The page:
Because the numberline provably gets bigger, and because we don't actually need to add these numbers at any point, we take the easy way, and say that addition is undefined for them.

An interesting usage of these numbers means that we can prove that .9 repeating need not equal 1. The case is actually ambiguous depending on your interpretation of i. However, if we accept that i is outside of the normal numberline, (the usual assumption), than .9 repeating is actually equal to 1.

This post has been edited by **FFreak3**: 20 September 2008 - 01:30 PM

### #26

Posted 20 September 2008 - 01:49 PM

I know a very small amount amount binary: ie what it is, what constitutes a bit and a byte, and how binary works in analogue to digital (and vice versa) conversion.

-The League Against Tedium

### #29

Posted 21 September 2008 - 12:02 AM

### #30

Posted 21 September 2008 - 06:56 AM

But yes, everything else IS up for doubt. Let's drop a heavy ball. What guarantees are there that it will drop to the ground? Well, experience and gravity. Between those two you can

*nearly*guarantee that the ball will drop. But some circumstances may cause otherwise. Gravity may act as a repelling force, (never seen before, but it still seems possible that could happen, particularly given superstring theory), gravity could weaken, causing the ball to fall away into a very low orbit, (until it crashes into an anthill), some force we haven't yet observed could manifest, some force we have observed but not understood yet could manifest . . . etc. etc.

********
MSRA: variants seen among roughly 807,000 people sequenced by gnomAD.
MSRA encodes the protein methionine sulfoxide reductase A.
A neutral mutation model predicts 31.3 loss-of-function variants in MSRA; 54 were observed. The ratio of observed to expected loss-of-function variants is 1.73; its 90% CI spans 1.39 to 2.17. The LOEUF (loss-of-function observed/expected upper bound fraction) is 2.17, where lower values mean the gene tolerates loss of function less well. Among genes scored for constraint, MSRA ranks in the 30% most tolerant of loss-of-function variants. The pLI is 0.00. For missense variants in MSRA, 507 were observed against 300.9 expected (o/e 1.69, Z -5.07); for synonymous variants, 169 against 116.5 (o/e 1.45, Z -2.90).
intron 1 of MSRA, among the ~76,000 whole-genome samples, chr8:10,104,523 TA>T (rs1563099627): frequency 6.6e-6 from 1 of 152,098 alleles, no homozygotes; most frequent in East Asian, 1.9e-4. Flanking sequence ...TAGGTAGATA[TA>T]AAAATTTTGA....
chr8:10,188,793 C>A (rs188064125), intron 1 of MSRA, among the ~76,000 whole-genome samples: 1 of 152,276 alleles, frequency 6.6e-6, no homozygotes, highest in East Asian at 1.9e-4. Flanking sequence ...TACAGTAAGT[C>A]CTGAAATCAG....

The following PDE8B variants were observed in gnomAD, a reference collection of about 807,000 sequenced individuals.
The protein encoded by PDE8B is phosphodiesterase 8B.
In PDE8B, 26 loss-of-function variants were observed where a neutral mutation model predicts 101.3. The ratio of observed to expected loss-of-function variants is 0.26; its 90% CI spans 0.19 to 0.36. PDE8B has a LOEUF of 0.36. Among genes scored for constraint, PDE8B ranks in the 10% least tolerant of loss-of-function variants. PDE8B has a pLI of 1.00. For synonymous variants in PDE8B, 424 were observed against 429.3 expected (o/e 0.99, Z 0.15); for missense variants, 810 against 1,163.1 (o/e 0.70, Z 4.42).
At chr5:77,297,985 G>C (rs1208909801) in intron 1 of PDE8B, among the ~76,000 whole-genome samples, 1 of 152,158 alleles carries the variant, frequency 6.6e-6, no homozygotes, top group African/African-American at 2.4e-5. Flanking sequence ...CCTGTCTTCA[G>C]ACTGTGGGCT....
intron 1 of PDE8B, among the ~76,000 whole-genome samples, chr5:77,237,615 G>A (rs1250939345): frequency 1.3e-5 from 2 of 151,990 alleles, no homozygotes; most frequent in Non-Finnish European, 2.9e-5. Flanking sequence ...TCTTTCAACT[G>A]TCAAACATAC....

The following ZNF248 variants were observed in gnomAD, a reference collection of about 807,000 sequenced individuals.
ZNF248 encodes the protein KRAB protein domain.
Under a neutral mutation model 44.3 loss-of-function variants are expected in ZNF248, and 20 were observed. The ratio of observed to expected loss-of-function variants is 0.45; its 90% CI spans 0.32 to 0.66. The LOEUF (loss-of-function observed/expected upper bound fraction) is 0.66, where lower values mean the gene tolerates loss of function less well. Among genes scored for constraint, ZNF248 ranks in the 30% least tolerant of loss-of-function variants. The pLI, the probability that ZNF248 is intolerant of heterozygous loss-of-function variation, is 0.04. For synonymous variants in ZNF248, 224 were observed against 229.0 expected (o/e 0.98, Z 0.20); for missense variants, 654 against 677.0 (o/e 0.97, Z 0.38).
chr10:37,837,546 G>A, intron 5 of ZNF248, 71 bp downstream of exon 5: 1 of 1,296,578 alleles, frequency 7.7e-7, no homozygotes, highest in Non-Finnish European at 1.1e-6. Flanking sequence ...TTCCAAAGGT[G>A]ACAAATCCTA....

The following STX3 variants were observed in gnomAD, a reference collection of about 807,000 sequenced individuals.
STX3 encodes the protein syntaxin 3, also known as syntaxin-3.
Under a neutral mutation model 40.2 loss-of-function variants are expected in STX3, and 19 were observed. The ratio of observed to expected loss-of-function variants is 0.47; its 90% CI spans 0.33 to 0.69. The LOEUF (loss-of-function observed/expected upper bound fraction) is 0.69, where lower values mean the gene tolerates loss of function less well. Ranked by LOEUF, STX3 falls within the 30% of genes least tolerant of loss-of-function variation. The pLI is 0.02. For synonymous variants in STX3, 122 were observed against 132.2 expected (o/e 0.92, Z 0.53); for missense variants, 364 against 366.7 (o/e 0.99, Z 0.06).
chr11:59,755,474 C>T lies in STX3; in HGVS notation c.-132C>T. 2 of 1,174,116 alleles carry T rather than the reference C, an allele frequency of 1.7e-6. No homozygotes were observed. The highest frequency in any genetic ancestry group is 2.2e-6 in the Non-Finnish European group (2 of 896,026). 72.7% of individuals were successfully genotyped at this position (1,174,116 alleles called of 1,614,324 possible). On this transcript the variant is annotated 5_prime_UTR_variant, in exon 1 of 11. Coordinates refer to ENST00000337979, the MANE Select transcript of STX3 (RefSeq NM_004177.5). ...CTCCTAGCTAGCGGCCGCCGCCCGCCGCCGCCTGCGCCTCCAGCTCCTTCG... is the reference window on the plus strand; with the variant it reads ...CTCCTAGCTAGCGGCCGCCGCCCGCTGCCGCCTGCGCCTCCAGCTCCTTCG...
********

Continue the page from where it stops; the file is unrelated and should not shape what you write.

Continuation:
One of the hopes of the LHC, for example, is that we will be able to understand gravity better, in which case, the hope, (not of the scientists, they roll their eyes at this), is that we will be able to use that knowledge to make anti-gravity vehicles, (The engine to harness the anti-gravity, even if gravity can be used like that, would probably be larger than a helicopter, and probably much louder).

@slade: Sometimes nature is a complex and obtuse object, and then you need complex math to match that you can use to predict it. Hopefully you can break down the problems enough that you can use simpler math as much as possible, but that isn't always possible.

I noted that this series of numbers was made to prove that all zeros of any quantum-organized forumla, a physics formula, would always be prime. Nature is a beast down there, and we unfortunetely constantly need extremely complex math to analyse those situations. Particularly since the calculations for approximations would take years to make.